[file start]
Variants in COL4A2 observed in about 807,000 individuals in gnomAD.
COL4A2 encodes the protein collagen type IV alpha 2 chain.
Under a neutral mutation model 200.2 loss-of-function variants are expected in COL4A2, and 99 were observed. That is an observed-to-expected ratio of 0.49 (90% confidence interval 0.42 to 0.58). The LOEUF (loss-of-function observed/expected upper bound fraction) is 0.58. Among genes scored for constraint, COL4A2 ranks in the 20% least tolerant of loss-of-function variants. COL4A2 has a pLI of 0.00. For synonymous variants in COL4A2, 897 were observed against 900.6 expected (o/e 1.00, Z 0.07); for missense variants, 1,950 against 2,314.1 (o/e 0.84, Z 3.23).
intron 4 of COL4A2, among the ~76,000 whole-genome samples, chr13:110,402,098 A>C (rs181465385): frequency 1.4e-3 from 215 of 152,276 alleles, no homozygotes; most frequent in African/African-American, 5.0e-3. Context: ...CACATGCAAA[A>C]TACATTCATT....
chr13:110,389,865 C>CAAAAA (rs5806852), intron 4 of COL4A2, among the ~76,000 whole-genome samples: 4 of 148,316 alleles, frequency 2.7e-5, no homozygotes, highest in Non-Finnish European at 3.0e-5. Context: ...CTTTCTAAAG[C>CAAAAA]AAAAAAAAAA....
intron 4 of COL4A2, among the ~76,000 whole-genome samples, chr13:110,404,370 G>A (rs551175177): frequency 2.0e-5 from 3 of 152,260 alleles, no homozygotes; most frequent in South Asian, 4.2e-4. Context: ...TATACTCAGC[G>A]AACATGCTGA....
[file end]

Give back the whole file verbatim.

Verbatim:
Variants in COL4A2 observed in about 807,000 individuals in gnomAD.
COL4A2 encodes the protein collagen type IV alpha 2 chain.
Under a neutral mutation model 200.2 loss-of-function variants are expected in COL4A2, and 99 were observed. That is an observed-to-expected ratio of 0.49 (90% confidence interval 0.42 to 0.58). The LOEUF (loss-of-function observed/expected upper bound fraction) is 0.58. Among genes scored for constraint, COL4A2 ranks in the 20% least tolerant of loss-of-function variants. COL4A2 has a pLI of 0.00. For synonymous variants in COL4A2, 897 were observed against 900.6 expected (o/e 1.00, Z 0.07); for missense variants, 1,950 against 2,314.1 (o/e 0.84, Z 3.23).
intron 4 of COL4A2, among the ~76,000 whole-genome samples, chr13:110,402,098 A>C (rs181465385): frequency 1.4e-3 from 215 of 152,276 alleles, no homozygotes; most frequent in African/African-American, 5.0e-3. Context: ...CACATGCAAA[A>C]TACATTCATT....
chr13:110,389,865 C>CAAAAA (rs5806852), intron 4 of COL4A2, among the ~76,000 whole-genome samples: 4 of 148,316 alleles, frequency 2.7e-5, no homozygotes, highest in Non-Finnish European at 3.0e-5. Context: ...CTTTCTAAAG[C>CAAAAA]AAAAAAAAAA....
intron 4 of COL4A2, among the ~76,000 whole-genome samples, chr13:110,404,370 G>A (rs551175177): frequency 2.0e-5 from 3 of 152,260 alleles, no homozygotes; most frequent in South Asian, 4.2e-4. Context: ...TATACTCAGC[G>A]AACATGCTGA....